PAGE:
There are 2 videos in particular that I remember had a huge impact on me: Go Incognito: A Guide to Security, Privacy & Anonymity | Front to Back by Techlore and Delete google from your life now by The Hated One. Having access to these channels opened my eyes and made my “conversion” a lot easier. Then I started slowly removing google from my life. I started from changing some intrusive settings in my account until finally becoming prepared to flash a degoogled custom ROM to my phone. I still have a Google account, but it is not active at all. I moved from Gmail to ProtonMail, went from Google Drive to filen.io, from YouTube to NewPipe/Piped from Google Chrome to Librewolf, stopped using their search engine by choosing something private and set up a Bitwarden account to store all of my passwords. I have always tried to me a digital minimalist, so switching some services was not that big of a deal, it was just a matter of getting used to something new.

With time, I stopped using social media, deleted all of my tweets, removed photos that contained my face in it and I don’t regret it. I love the fact that I don’t need to deal with all those schizos from Twitter anymore and don’t waste my time getting mad at them for posting cringe.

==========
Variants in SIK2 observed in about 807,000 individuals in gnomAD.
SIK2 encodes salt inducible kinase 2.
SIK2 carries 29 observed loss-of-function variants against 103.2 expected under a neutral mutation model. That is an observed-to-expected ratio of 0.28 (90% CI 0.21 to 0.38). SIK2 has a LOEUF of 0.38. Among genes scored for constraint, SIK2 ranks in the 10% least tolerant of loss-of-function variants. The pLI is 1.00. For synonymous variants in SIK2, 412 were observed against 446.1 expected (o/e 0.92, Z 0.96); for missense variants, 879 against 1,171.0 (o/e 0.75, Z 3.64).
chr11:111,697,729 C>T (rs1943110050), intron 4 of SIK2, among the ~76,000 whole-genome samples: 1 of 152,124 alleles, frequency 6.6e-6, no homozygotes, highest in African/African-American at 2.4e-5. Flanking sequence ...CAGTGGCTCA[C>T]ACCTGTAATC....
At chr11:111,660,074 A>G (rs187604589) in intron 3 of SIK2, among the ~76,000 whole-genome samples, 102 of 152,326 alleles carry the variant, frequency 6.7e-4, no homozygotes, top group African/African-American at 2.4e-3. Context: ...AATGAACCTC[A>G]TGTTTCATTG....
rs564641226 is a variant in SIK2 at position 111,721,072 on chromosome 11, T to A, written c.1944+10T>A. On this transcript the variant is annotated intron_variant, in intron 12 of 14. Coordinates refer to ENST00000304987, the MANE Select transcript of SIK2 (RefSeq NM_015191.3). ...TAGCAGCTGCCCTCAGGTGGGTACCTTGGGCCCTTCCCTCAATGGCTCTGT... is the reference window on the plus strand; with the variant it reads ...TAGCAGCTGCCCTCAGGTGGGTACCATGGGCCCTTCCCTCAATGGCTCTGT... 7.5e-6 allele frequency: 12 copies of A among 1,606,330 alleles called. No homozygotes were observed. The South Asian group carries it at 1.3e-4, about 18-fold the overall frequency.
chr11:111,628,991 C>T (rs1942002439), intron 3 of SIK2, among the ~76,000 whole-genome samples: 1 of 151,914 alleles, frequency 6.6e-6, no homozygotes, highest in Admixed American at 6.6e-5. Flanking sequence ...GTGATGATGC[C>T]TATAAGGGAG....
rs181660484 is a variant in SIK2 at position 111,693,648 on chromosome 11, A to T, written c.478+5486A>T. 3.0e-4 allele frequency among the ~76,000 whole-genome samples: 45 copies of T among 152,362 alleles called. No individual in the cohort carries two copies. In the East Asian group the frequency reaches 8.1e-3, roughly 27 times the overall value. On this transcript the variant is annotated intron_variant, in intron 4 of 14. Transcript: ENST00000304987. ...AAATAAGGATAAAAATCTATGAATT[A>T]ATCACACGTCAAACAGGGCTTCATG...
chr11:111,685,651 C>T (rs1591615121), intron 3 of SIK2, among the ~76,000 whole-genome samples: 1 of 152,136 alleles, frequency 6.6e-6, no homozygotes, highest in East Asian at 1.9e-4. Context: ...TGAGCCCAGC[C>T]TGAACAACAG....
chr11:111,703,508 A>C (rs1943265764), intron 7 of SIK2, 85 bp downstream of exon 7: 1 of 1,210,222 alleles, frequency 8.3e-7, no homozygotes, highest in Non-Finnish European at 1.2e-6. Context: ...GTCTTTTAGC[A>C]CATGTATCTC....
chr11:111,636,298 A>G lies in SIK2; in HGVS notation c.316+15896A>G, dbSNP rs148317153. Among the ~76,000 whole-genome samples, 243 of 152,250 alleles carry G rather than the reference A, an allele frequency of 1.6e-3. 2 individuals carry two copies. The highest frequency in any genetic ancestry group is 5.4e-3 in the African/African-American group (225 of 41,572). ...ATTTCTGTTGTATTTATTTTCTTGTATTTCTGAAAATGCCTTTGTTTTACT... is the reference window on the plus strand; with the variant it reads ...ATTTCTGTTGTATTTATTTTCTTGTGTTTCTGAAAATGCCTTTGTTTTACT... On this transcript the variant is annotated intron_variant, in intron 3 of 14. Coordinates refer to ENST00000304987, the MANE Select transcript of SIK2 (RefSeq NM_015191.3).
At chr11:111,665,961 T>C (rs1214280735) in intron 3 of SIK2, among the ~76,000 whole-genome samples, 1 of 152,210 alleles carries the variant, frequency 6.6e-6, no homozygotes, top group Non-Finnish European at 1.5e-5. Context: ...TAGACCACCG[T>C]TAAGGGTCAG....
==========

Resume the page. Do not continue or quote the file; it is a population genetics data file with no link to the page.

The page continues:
Another benefit of stopping to use social media is that you realize you have so much time to get your stuff done. If you still use it, I recommend installing an open source screen time tracker on your phone and testing it for one week. Depending on how many hours you spend, you might reconsider if it is really beneficial to you or not.

For the internet, I follow the principle of “Everything you post of online can and will be used against you”. This is something that has been proved to be true, and even if you delete things, someone will find a way of bringing it back to life.

Final considerations

If I wrote here all the steps I take and all the tools I use to secure my privacy, this article would become a book, so I want to write a separate post just for that in the future.

So, with all being said, do I think that all this is worth it? Yes. Can it be done by anyone? Yes, but it depends on your threat model. There are people who can’t stop using social media, because that’s what they use to make money. Maybe some people need to use Google services because of college, work or whatever else. Some need whatsapp because everyone uses it, and their friends don’t want to switch to something better. No one on the internet will be able to tell you what is best for you, but it is important to know of the risks associated with the usage of these platforms, and how to avoid them.

If you want to start taking your privacy more seriously, my advice is to start small. As I said, it should be something continuous and slow. See what you can do for yourself in your time and in your context. I bet you will see the benefits of it and won’t regret your decisions.